Illinois's early history in the United States is one without the typical urban touchstone of Chicago. In this episode, Brian & Lyman discusses downstate Illinois, "Little Egypt," and the politically volatile mixing of Yankees and Upland Southerners that lead to yet another interesting clash over the fate of slavery in the Northwest Territory.
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B: You’re listening to Episode 14 of Migration Nation with Lyman Stone and Brian Hudson, a Podcast about the history of migration in America.
L: I’m an economist and Brian’s a librarian. For this and at least twice as many episodes as we initially expected, we’re going to talk about the migrationes of Yankees and the settlement of the midwest. For this episode, that means talking about how Illinois got settled everywhere except for Chicago. We are going to do a whole episode about Illinois other than Chicago.
B: But don’t worry, that’s not because we’re ignoring Chicago! It’s because the next episode will basically be nothing but an early history of Chicago. The reason for this division is just that Chicago doesn’t really get going until the 1830s and 1840s, and, in terms of the shows timeline, we are really still in the 1820s and just barely into the 1830s.
L: But let’s back up a second. Brian--- are you a librarian?
B: As of quite recently, I am!
L: Well congrats man! Now you have no excuse not to do tons of primary source research for the podcast!
B: Uhhhh… we’ll see about that. Anyways, as listeners may notice, we sound a little different this week. That’s because we’re recording in the same place! Woohoo!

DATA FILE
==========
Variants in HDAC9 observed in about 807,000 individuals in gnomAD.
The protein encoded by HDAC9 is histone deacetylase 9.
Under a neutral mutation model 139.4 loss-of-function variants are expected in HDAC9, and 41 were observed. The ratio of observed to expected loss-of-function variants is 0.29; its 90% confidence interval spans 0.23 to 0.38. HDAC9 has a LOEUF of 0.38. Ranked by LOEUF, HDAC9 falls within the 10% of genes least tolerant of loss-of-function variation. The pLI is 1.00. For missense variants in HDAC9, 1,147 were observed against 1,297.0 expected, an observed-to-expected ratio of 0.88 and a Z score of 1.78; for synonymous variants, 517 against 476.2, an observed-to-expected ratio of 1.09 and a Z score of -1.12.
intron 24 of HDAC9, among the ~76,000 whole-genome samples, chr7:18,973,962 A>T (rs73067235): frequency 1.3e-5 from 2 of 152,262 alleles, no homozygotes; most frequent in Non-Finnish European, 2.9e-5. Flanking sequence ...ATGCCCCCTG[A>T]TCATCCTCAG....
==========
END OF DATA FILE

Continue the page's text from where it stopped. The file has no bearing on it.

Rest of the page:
L: Yep! I’ve returned to the Promised Land for Christmas, so we are trying to knock out some recording while we’re together. Which, if the last set of episodes we recorded together is any indication, means we are probably going to get off topic. Oh well.
B: And since we expect to end up wasting time later on, it’s probably best to now jump straight into the story!
B: So, Illinois it is! We’re farther west than Indiana, so my assumption is that we’re looking at a later settlement?
L: Well, not quite. As we’ve talked about, this area was settled by the French, especially at Kaskaskia, the first state capital of Illinois.
B: Oh right! I forgot, the great city of Kaskasia!
L: I know right? But really, even before the French, the bottomlands of the Mississippi were the original urban hub of the future United States, with the native American city of Cahokia. Around 1100 AD, Cahokia housed at least several tens of thousands of people, and some archeaologists suggest Cahokia, whose huge earthen pyramids can still be seen today, may have housed 100,000 or more people.
B: Holy cow.
L: Yeah. Now, these people had dispersed from Cahokia by 1300 AD, and by the time de Soto passed through in the 1500s Native peoples were settled in smaller towns in the area. But by the time the next wave of explorers came through in the 1600s, diseases had ravaged the population, resulting in the near complete abandonment of most stable settlements. The French, then, set up new towns in areas they felt were fertile and had good access to New Orleans.
B: Right, and, as we talked about in previous episodes, these Frenchmen then sided with the Americans in the War of Independence, and, as a reward, were allowed to keep their slaves.
L: Yeah. And, I have to say, my mental image of the free-state midwest is really being challenged by this series.
B: Well, spoiler alert: for Illinois we’re going to see another case of slaveholding elites trying to turn a free state slave.
L: Huh. Okay then. So I guess I should get to explaining how Illinois gets settled then.
B: Well since Indiana’s western and northern borders take a long time to get settled, I’m assuming it’s from the south again.